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Becoming an ethical researcher
Becoming an ethical researcher

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1.1 Throwing a spotlight on research in action

Case study 2.1 A glimpse into a classroom in India

A research and development project led by The Open University was carried out in India, where academics from the UK worked to support teachers to better understand their classrooms through carrying out video observations. Different subject specialist teacher educators from the UK worked with subject specialist teacher educators in India as part of the TESS-India (2020) project [Tip: hold Ctrl and click a link to open it in a new tab. (Hide tip)] (make sure to open this link in a new tab/window so you can easily return to this page). The teaching and learning contexts were chosen to become recorded assets for use by local teacher educators.

In Activity 1, you will watch one of the films in which children aged 14–15 years were being taught English as a second language in a school in Delhi, India. It features some students reading aloud and other students in pairs writing out, in English, passages from a book, and then correcting themselves.

Before filming, and in order to allow observation of such an activity, there are questions a researcher should ask:

  • Should the observation be captured by filming?
  • Would filming be considered overly invasive?
  • Would it be more appropriate to do an audio recording of the activity, accompanied by field notes? Audio records can now be digitally identifiable, so this would not be better at protecting identities than filming, but could be less intrusive.

It can be difficult technically to record audio of different participants (and groups of participants) in a busy setting. Collecting good quality data is in itself an ethical issue: participant voices must be heard if the study is to do justice to those in the setting. In the activity, you will watch this video and have a chance to think about researcher choice.

Activity 1 Observation and researcher choice

Timing: Allow approximately 15 minutes

Watch the four-minute long film of an Indian classroom referred to in Case study 2.1.

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Then reflect on the following.

Think about:

  • What are the possible research benefits of observing classrooms like this?
  • What are the possible concerns those in the setting might have when researchers contact them to request permission to record a classroom session?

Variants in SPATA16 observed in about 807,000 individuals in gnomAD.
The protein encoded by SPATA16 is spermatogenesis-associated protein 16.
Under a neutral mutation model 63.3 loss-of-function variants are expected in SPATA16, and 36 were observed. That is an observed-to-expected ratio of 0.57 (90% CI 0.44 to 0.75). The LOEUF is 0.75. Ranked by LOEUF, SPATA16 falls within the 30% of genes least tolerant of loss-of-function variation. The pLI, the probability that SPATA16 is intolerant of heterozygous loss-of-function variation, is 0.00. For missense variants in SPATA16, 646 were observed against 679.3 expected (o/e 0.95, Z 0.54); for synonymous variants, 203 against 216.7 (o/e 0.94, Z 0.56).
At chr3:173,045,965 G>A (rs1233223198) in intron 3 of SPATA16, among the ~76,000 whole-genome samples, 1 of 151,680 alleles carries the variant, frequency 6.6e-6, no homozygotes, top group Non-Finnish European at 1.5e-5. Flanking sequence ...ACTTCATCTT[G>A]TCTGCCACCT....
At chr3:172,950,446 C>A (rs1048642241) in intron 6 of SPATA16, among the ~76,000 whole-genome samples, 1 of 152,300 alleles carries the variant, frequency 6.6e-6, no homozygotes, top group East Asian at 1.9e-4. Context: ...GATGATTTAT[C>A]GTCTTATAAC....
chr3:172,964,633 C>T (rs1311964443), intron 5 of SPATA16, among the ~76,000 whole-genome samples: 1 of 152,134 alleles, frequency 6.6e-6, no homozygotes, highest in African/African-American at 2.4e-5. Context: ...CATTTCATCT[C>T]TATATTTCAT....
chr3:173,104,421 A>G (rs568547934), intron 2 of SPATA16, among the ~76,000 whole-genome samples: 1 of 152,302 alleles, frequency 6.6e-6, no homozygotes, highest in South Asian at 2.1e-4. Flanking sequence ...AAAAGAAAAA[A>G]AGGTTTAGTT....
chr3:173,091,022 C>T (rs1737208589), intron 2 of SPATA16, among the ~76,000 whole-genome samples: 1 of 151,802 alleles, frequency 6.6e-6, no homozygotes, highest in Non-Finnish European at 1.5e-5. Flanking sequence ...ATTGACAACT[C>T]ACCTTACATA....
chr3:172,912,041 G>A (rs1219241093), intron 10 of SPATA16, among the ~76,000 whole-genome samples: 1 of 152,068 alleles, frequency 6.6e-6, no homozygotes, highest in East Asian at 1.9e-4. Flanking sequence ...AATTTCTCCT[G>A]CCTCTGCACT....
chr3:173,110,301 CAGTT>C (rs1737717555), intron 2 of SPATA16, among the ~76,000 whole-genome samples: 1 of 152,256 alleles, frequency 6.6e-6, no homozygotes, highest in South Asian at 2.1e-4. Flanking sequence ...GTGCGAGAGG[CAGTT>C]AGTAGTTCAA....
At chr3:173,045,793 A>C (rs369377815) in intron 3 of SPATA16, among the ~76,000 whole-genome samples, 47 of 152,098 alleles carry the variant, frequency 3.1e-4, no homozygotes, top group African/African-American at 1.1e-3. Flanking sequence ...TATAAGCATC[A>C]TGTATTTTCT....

• What are the possible negative consequences that could result from collecting data this way?
  • What steps can researchers take to minimise negative consequences?
  • What options do the researchers have to maximise the benefits?
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There can be benefits from recording behaviours in particular settings. Recorded activities are often used when training teachers, doctors, social workers and nurses to aid reflection, to see the bigger picture of what has taken place than even those in the space at the time could sense, and to help prepare those who have not yet experienced such situations. Such recordings can be used for research to collect data about patterns of behaviours and the use of space within and across situations. This can lead to new revelations about what happens in these spaces, that wouldn't be possible just from those in the settings themselves.

However, by creating a record and sharing this with those who were not present, there are risks for those who have been shown in the recording. What they said and did can be seen by others they don’t know and may be used in ways over which they have no control. Their actions and words might be misinterpreted or used against them if considered inappropriate; for example, by employers. Researchers, as well as journalists and those using such materials for teaching, need to take responsibility for what is recorded and should prepare those involved in and affected by the implications for making data collection public. Researchers should respect the wishes of those being recorded (or those responsible for those involved) and limit how public the data is made, if they express reservations about making the data more widely available.

The main risk is in identification of the individuals present and/or the space, therefore impacting the right to privacy. Researchers can consider whether anything can be done to reduce the revelation of specific information in the space, such as ensuring no organisational-specific logos or branding are visible. However, this is usually considered to be too intrusive. Alternatively, only the backs of people can be shown so that their features are not considered identifiable, which would mean careful consideration of where the camera is placed.

Usually de-identification takes place by selection of which parts of the recording can be shared, or through digital manipulation, erasing features of people and places. Agreement as to what can be shared should always be gained.